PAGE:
SUNNINGDALE, England -- If there is any golf course where following the proper path is essential, it is the Sunningdale Golf Club. Find the route and stick to it, and you can go low. This inland links course is hash-marked by cross-bunkers and heather-covered hills slashing willy-nilly across the fairways. Stay out of that stuff and birdies can be abundant at this week's Ricoh Women's British Open, as they have been in the past.
The fickle nature of a links layout was demonstrated by the conflicting results Thursday by Lorena Ochoa and Annika Sorenstam on the 485-yard par-5 first hole. Ochoa drove into the right rough about one yard from being unplayable. Then her pitch back to the fairway appeared headed for the tangled rough on the hill crossing the fairway when it bounced fortuitously to the left. Taking advantage of that break, she played her approach to 25 feet and made the birdie putt.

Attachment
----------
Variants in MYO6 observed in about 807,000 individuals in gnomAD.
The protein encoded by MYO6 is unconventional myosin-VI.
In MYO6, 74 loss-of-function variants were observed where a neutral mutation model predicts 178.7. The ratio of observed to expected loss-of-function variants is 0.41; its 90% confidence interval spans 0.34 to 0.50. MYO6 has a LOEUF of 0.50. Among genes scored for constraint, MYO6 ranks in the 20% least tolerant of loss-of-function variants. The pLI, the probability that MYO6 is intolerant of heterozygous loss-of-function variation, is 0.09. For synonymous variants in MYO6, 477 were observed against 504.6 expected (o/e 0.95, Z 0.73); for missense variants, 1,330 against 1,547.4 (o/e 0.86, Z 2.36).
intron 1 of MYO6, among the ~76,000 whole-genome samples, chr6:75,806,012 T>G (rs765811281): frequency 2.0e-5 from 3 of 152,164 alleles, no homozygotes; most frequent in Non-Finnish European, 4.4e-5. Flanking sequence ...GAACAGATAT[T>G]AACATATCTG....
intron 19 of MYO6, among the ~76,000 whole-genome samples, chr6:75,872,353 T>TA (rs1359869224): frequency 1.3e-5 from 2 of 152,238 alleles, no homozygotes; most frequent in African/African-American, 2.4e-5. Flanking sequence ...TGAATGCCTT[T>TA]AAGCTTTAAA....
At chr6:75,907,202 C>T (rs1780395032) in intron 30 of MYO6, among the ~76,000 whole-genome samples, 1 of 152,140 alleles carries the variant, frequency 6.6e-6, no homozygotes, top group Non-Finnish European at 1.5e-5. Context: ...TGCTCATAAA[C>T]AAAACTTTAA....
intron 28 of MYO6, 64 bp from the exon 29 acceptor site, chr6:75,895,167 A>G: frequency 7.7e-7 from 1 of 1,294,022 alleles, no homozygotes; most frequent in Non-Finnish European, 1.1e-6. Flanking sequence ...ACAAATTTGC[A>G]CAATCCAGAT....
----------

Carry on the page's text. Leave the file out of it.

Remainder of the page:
Sorenstam, playing in the following group, also drove into the right rough and her punch-out attempt didn't make it back to the short grass. She punched out again but could only play it across the fairway short of the green. She then pitched on to 25 feet and missed the par putt. After a bogey on No. 3, Sorenstam was two over on an easy opening stretch -- two par 5s and a short par 4 -- after which a player should be one under, at worst.
Ochoa made it home in three-under 69, while Sorenstam, playing what could very well be her last major, rallied with two birdies on the back nine for a 72. With all four par 5s reachable in two -- a couple with mid-irons -- and the 273-yard par-4 ninth drivable, it's going to take four rounds well below 69 to win. Karen Stupples won here at 19 under par in 2004 as did Karrie Webb in 1997, before it was a major. The highest winning score at Sunningdale was 11-under-par 277 by Se Ri Pak in 2001, the first year the Women's British was a major and when the weather was nasty.